Togarashi – Japanese chili flakes if you’re so inclined.

Method:

This dish is honestly one of those 15 minute meals, assuming the rice is cooked and everything is prepped. It’s a fairly quick and easy dish to make, but it also requires a good deal of tasting and adjusting to your own preferential flavor profile.

Preparation:
– Cook rice
– Cut chicken thigh into bite size pieces.
– Slice onions thinly
– Beat egg (doesn’t have to be completely mixed together)
– Make sauce, mix 4 parts Dashi to 1 part usukuchi 1 part mirin, 1 part sake and 1 part sugar. Taste and adjust accordingly. You should have enough sauce to cover all your cut ingredients. Say maybe half a bowl or so. Remember, if you’re using the concentrated dashi, you will need to dilute or use significantly less.

Step 1: Pour about 3/4 of your sauce into a small non-stick pan and add your onions. Let them cook for about 4-5 minutes at medium heat, until they’re beginning to soften. The goal is for the cooked mixture to envelope a nice bowl of hot rice, so don’t use a pan that’s too small or too large.
Step 2: Add your cut chicken and cover with a lid. Because the chicken is cut into bite sized pieces, it should cook relatively quickly around 5-6 minutes. Stir, every once in a while and add more sauce or water in case the sauce boils off too much.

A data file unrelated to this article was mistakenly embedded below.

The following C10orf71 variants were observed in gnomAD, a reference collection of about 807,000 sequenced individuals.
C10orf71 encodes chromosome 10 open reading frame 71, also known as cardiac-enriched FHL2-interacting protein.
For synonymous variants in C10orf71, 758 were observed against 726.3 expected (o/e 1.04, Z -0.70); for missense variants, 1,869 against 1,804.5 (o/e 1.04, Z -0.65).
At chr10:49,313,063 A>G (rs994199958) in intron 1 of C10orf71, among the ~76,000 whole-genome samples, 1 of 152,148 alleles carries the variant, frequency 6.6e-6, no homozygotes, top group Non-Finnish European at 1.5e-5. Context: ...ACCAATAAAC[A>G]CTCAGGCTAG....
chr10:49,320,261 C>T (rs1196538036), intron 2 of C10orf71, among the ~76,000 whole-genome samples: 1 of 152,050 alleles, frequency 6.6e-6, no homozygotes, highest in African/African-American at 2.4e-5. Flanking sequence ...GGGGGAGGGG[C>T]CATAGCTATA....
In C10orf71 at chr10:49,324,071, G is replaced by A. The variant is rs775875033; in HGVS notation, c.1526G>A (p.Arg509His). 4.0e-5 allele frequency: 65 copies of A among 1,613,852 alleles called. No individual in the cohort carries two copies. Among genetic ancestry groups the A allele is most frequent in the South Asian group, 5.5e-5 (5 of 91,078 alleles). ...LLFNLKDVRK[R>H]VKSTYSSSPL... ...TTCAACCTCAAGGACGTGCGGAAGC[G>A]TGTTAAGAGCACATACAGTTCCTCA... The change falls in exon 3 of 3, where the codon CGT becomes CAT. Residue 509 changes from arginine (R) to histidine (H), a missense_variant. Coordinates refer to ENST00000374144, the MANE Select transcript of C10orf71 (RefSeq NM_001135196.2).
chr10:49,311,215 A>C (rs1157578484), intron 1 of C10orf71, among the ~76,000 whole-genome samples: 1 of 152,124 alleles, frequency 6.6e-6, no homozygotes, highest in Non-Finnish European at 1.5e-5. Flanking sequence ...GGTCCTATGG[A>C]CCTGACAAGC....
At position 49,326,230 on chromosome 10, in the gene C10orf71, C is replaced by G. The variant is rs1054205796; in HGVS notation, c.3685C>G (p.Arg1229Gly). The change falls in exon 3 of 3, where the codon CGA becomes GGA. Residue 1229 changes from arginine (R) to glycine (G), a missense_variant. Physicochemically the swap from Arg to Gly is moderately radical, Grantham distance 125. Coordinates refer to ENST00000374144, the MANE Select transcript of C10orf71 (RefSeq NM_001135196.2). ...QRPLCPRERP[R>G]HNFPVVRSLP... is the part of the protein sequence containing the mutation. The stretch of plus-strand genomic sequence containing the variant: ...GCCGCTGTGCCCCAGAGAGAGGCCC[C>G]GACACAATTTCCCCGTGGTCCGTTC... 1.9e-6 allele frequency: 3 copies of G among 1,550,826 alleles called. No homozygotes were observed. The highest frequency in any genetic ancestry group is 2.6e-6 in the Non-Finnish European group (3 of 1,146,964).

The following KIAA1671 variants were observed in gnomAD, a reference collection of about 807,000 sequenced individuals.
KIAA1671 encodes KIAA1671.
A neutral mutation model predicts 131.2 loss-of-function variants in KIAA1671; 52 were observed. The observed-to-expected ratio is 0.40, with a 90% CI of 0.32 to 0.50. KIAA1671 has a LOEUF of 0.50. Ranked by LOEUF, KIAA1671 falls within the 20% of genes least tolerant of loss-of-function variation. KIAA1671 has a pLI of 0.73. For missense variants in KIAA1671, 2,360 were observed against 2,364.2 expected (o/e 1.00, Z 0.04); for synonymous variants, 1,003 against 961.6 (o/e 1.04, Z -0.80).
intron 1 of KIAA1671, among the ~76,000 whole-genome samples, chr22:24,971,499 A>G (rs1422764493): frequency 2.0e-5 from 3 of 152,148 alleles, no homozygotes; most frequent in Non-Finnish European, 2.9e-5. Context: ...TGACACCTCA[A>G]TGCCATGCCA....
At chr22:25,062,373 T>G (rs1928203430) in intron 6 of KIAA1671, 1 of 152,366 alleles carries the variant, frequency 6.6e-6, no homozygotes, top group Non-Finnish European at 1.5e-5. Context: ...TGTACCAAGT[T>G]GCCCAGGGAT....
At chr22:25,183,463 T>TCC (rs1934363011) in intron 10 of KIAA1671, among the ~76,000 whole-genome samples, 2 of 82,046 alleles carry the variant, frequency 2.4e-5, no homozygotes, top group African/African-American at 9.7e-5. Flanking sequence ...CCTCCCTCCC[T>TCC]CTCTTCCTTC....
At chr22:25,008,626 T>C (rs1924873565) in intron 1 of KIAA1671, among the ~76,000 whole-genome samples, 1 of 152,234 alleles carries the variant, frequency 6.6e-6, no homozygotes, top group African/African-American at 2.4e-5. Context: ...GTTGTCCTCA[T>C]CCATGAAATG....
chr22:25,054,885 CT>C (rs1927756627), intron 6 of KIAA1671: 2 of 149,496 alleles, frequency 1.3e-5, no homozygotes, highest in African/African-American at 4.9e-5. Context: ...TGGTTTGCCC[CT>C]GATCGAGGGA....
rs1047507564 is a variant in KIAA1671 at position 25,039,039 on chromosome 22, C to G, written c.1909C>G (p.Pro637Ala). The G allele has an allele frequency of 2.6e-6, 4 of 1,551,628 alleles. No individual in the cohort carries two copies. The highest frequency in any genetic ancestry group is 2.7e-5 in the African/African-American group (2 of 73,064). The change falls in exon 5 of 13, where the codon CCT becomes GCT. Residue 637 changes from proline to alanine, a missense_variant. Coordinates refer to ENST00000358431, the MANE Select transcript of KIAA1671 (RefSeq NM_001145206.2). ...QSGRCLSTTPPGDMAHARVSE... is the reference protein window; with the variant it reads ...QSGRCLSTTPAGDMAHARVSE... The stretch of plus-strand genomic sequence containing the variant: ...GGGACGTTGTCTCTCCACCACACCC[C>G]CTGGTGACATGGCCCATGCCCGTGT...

Step 3: Once chicken has fully cooked, taste for seasoning, if its too salty, add some more water or sugar, if its too bland, add some more soy sauce or dashi. Then add the egg mixture gently. To do so, take a pair of chopsticks and hold them against the bowl of your beaten eggs. Pour the eggs using the chopsticks as a guide for the liquid. Use it to pour carefully over the sauce mixture to allow for maximum coverage. Keep on heat for 1 minute, before removing and covering once more.
Step 4: Add scallions and mitsuba to garnish, before pouring over bowl of hot steaming rice. Eggs should be nice and runny and the sauce should thicken nicely.

Sauce
So I decided to dedicate an extra special paragraph or chunk on the sauce. Japanese cuisine tends to use the same five ingredients for most of their sauces. Similar how in French cuisine often times a roux is made, Japanese cuisine uses these same ingredients, albeit at different proportions. As a result, it is quite handy to have all said ingredients: dashi (whether concentrated or dry), usukuchi, mirin, sake and sugar. As I’ve made other dishes such as tempura, soba and gyudon, I often return to these staples to help find that perfect Japanese flavor profile.

This has really become a staple in my kitchen and I try to make it when I have nothing else planned. I always have chicken thighs in my freezer, rice in my pantry and the necessary sauce components scattered around. It’s hard to source Mitsuba and they go bad very quickly, so I usually forgo that ingredient, but otherwise, this dish is worth having the ingredients around for.

Enjoy!

Here’s a collection of some of my Oyakodons from the years. The first picture was my first attempt. My last picture was the best one I made ever.